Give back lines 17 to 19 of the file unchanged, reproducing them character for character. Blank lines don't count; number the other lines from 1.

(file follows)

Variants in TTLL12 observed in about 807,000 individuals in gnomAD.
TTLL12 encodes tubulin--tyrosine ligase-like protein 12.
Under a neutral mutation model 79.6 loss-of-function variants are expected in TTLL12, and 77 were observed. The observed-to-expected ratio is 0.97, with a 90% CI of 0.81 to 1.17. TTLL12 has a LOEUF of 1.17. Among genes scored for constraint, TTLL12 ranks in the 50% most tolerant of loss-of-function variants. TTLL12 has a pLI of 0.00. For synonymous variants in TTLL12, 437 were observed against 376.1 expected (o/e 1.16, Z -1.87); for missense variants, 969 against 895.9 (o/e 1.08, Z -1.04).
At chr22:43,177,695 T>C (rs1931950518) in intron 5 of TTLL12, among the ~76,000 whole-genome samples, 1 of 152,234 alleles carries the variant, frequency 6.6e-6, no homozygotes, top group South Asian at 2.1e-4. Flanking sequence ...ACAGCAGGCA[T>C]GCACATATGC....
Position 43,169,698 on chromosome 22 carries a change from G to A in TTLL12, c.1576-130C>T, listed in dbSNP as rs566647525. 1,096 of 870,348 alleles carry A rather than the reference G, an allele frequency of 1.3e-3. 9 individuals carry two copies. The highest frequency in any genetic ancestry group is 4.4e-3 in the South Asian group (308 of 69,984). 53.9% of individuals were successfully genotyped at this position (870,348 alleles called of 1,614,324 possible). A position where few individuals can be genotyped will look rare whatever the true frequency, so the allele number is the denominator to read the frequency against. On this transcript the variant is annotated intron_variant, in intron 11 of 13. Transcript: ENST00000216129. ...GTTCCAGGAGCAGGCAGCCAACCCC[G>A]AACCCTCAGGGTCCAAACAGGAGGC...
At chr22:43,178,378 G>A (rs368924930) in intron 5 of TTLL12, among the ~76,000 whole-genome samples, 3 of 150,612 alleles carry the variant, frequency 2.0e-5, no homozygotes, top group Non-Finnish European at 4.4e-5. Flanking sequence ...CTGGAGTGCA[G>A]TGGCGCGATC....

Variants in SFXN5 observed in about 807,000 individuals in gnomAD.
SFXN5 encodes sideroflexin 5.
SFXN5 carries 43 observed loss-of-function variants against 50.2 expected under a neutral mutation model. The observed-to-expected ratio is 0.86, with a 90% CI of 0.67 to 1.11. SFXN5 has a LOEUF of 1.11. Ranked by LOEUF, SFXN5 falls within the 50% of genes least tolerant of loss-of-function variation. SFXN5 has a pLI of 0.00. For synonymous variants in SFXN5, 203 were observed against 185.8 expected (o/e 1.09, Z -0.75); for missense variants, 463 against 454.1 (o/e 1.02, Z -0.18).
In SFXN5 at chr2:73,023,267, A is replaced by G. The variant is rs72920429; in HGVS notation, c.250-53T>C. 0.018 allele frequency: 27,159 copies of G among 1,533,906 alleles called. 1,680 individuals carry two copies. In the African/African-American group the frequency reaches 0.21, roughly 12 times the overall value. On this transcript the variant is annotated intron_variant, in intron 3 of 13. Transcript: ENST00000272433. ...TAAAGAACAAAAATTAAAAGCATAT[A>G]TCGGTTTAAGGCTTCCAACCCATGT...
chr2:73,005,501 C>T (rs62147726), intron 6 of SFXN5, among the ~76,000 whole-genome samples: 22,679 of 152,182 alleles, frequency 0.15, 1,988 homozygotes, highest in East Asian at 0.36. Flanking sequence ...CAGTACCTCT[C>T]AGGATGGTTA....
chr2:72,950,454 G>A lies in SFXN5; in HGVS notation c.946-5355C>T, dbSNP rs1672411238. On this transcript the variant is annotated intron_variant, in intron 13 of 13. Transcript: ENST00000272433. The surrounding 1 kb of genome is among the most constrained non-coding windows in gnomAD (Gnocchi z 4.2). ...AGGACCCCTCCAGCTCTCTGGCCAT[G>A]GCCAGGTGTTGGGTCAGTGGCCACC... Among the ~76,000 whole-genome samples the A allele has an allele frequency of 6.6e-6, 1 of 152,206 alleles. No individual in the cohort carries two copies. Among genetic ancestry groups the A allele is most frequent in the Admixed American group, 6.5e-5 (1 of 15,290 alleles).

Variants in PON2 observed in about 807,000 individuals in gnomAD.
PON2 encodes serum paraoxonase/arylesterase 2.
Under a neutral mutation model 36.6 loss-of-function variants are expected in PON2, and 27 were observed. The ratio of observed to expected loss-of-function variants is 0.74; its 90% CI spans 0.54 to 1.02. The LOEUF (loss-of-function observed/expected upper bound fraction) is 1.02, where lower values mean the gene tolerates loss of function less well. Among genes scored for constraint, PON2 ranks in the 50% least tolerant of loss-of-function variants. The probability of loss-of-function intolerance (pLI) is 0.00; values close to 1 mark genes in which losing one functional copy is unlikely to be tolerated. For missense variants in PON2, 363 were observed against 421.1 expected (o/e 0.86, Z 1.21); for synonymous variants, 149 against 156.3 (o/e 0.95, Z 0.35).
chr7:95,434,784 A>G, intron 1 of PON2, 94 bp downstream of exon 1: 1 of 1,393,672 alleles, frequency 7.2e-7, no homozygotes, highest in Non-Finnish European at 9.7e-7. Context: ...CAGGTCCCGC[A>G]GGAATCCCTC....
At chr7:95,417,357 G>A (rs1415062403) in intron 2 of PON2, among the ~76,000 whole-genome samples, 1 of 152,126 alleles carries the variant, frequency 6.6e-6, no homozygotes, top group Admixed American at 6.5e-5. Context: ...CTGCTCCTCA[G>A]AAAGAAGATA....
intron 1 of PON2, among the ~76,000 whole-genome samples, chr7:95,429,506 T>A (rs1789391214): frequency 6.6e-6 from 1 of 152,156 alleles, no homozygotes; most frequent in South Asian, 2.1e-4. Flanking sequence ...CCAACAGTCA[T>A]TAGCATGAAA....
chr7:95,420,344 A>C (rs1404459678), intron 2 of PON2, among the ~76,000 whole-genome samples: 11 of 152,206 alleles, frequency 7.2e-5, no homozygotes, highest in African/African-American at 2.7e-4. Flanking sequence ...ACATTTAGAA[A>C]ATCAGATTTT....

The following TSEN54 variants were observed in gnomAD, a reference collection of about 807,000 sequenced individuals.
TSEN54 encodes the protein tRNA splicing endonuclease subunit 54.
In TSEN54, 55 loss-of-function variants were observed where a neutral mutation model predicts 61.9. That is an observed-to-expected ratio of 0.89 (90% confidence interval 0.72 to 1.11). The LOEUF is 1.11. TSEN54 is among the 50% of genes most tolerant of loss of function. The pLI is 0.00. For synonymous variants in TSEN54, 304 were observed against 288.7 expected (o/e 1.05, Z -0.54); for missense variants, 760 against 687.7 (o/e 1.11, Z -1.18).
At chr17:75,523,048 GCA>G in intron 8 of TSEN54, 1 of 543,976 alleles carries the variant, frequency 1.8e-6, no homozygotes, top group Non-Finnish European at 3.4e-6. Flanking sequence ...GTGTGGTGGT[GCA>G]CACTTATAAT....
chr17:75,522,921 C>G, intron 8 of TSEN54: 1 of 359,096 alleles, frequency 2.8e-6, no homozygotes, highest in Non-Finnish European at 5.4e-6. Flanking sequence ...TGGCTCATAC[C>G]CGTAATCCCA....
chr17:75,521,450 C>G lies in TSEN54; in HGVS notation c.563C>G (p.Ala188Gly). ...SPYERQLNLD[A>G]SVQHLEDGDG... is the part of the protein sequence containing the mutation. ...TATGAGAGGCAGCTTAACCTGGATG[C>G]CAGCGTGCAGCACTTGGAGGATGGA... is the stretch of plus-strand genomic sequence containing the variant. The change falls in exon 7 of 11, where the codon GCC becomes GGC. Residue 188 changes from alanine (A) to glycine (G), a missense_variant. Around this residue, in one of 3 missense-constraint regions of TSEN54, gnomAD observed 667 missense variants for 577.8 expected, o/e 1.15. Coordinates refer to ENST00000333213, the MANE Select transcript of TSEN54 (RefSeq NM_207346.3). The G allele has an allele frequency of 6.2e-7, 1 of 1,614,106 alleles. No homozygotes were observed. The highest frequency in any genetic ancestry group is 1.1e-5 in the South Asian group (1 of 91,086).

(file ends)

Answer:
At chr7:95,417,357 G>A (rs1415062403) in intron 2 of PON2, among the ~76,000 whole-genome samples, 1 of 152,126 alleles carries the variant, frequency 6.6e-6, no homozygotes, top group Admixed American at 6.5e-5. Context: ...CTGCTCCTCA[G>A]AAAGAAGATA....
intron 1 of PON2, among the ~76,000 whole-genome samples, chr7:95,429,506 T>A (rs1789391214): frequency 6.6e-6 from 1 of 152,156 alleles, no homozygotes; most frequent in South Asian, 2.1e-4. Flanking sequence ...CCAACAGTCA[T>A]TAGCATGAAA....
chr7:95,420,344 A>C (rs1404459678), intron 2 of PON2, among the ~76,000 whole-genome samples: 11 of 152,206 alleles, frequency 7.2e-5, no homozygotes, highest in African/African-American at 2.7e-4. Flanking sequence ...ACATTTAGAA[A>C]ATCAGATTTT....